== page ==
I used to be worried about ageism…

—Asking ChatGPT for some help with a column about ageism in advertising got Éric Blais thinking about the need to step up our game, or become obsolete… no matter our age.—

With my originally planned column not quite ready for publication (it’s a good topic… stay tuned), I found myself in a pickle earlier this week, facing a fast-approaching deadline at a busy time.

Fortunately, I knew what I wanted to write about. So, I reached out to my new friend at OpenAI: ChatGPT. I was a little worried they would be in a bad mood after Elon Musk and 1,000 others wrote an open letter urging them to slow down and take a six-month break from further enhancements. But to my delight, they were ready and willing to help.

I had planned to write about ageism in advertising. More specifically, I wanted to argue that retired senior advertising professionals should be judging industry award shows, instead of having medals decided by folks who are still eager to win the same medals for recognition and career advancement.

Wise retired judges are often called upon to conduct unbiased public inquiries. Why not do the same to determine what work is worthy of our admiration? Plus, these individuals might still have a few things left to teach us.

First, I asked ChatGPT a loaded question: Is there ageism in the advertising business?

Unfortunately, ageism is a common issue in many industries, including the advertising business. Many advertising campaigns are targeted towards younger demographics, and there is often a bias towards hiring younger employees who are perceived to be more “in touch” with these target audiences. This can lead to older employees being overlooked for promotions or job opportunities, or even being forced out of the industry entirely.

In addition, ageism can also be reflected in the advertisements themselves, with many campaigns featuring only young and attractive models or actors. This can send a negative message to older individuals, making them feel invisible or irrelevant.

However, there are also many advertising companies that recognize the value of diversity and inclusivity and actively work to combat ageism in the industry. By embracing the knowledge, experience, and perspective of older employees and consumers, these companies can create more effective and inclusive advertising campaigns that resonate with a wider audience.

Then I asked: What can advertising agencies do to combat ageism?

There are several things that advertising agencies can do to combat ageism:

Embrace diversity and inclusivity: The first step towards combating ageism is to embrace diversity and inclusivity. This means actively seeking out and valuing employees of all ages, and creating a workplace culture that is welcoming and respectful to everyone.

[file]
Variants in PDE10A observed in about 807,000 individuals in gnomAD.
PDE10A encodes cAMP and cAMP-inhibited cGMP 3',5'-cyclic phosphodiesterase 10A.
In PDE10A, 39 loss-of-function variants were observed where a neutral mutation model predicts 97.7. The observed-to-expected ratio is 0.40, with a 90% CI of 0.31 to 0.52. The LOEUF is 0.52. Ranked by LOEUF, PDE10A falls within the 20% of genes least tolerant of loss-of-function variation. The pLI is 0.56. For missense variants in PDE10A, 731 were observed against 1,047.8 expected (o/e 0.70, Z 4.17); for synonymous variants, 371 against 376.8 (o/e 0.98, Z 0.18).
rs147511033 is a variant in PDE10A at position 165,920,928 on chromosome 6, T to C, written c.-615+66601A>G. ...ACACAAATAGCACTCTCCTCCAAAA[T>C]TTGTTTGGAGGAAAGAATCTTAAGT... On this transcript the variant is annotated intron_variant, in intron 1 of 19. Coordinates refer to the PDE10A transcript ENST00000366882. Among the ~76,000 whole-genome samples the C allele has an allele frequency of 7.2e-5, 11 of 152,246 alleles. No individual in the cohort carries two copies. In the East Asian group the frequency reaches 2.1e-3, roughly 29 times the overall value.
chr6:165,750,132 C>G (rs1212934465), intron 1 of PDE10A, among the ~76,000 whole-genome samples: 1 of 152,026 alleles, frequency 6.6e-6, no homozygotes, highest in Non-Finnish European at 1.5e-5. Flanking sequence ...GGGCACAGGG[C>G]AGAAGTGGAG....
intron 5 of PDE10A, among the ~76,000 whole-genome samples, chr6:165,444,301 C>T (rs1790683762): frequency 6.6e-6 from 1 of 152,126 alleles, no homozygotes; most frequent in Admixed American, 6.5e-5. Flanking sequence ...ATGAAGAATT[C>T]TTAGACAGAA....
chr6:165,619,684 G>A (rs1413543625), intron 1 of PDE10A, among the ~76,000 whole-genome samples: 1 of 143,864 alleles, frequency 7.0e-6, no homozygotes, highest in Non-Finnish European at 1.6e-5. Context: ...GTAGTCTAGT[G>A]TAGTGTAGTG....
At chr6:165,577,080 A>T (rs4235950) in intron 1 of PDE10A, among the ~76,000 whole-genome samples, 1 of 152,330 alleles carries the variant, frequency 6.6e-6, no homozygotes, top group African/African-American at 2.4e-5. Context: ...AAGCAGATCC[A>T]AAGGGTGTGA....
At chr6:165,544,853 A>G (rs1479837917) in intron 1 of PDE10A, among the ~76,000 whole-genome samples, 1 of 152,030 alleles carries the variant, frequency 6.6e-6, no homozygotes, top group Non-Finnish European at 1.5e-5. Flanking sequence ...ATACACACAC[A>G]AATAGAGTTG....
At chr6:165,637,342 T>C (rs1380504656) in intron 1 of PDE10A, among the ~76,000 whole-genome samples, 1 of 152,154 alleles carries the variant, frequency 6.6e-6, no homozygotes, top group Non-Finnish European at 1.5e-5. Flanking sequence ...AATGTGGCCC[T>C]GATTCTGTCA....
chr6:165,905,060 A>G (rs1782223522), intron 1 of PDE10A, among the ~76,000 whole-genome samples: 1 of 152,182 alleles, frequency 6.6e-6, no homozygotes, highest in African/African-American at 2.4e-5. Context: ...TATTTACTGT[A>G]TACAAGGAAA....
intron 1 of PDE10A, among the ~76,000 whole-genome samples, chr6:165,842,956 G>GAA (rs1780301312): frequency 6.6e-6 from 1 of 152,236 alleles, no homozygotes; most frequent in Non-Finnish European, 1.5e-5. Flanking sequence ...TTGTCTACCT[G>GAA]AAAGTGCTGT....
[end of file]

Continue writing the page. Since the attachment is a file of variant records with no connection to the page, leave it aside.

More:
Challenge stereotypes: Advertising agencies can work to challenge stereotypes about older people by featuring a more diverse range of models and actors in their campaigns. This can help to break down negative stereotypes and create a more positive image of aging.

Create campaigns that appeal to older audiences: Advertising agencies can also create campaigns that are specifically targeted towards older audiences. By understanding the unique needs and interests of older consumers, agencies can create more effective and relevant campaigns that resonate with this demographic.

Provide training and education: Agencies can provide training and education to their employees to help them understand the impact of ageism and how to combat it. This can include workshops on age sensitivity, diversity and inclusion, and unconscious bias.

Lead by example: Advertising agencies can lead by example by creating a workplace culture that values diversity and inclusivity, and by creating campaigns that are respectful and inclusive of all age groups. By doing so, they can set an example for other industries to follow and help to create a more age-friendly world.

Finally, I asked what I wanted to know to get this piece written ASAP: How about having award show judges who are retired senior agency creative people?

Having retired senior agency creative people as award show judges is an interesting idea that could help combat ageism in the advertising industry. These individuals would bring a wealth of experience and knowledge to the judging panel, and their perspective could help to ensure that campaigns targeting older audiences are given due consideration.

At the same time, it’s important to remember that ageism is not just about including older individuals in the industry. It’s about valuing and respecting people of all ages, and recognizing the unique contributions that each individual can bring to the table. While having retired senior agency creative people as award show judges could be a positive step towards combatting ageism, it’s important to also promote diversity and inclusivity at all levels of the industry, and to recognize the value of individuals regardless of their age.

As someone who’s been working in the ad business for four decades, I now realize that ageism is the last thing I need to worry about. Unless the younger generation wises up about really adding value, a good chunk of advertising jobs will disappear because of AI.

Still, I’m hopeful that a higher level of “thought leadership” will still be valued by clients, as long as it’s more thoughtful than my new friend, and how they’ll emerge after pausing for six months to catch their breath.

Eric Blais is president of Headspace Marketing, a consultancy that helps marketers build brands in Quebec. He can be reached at feedback@headspacemarketing.com

Eric Blais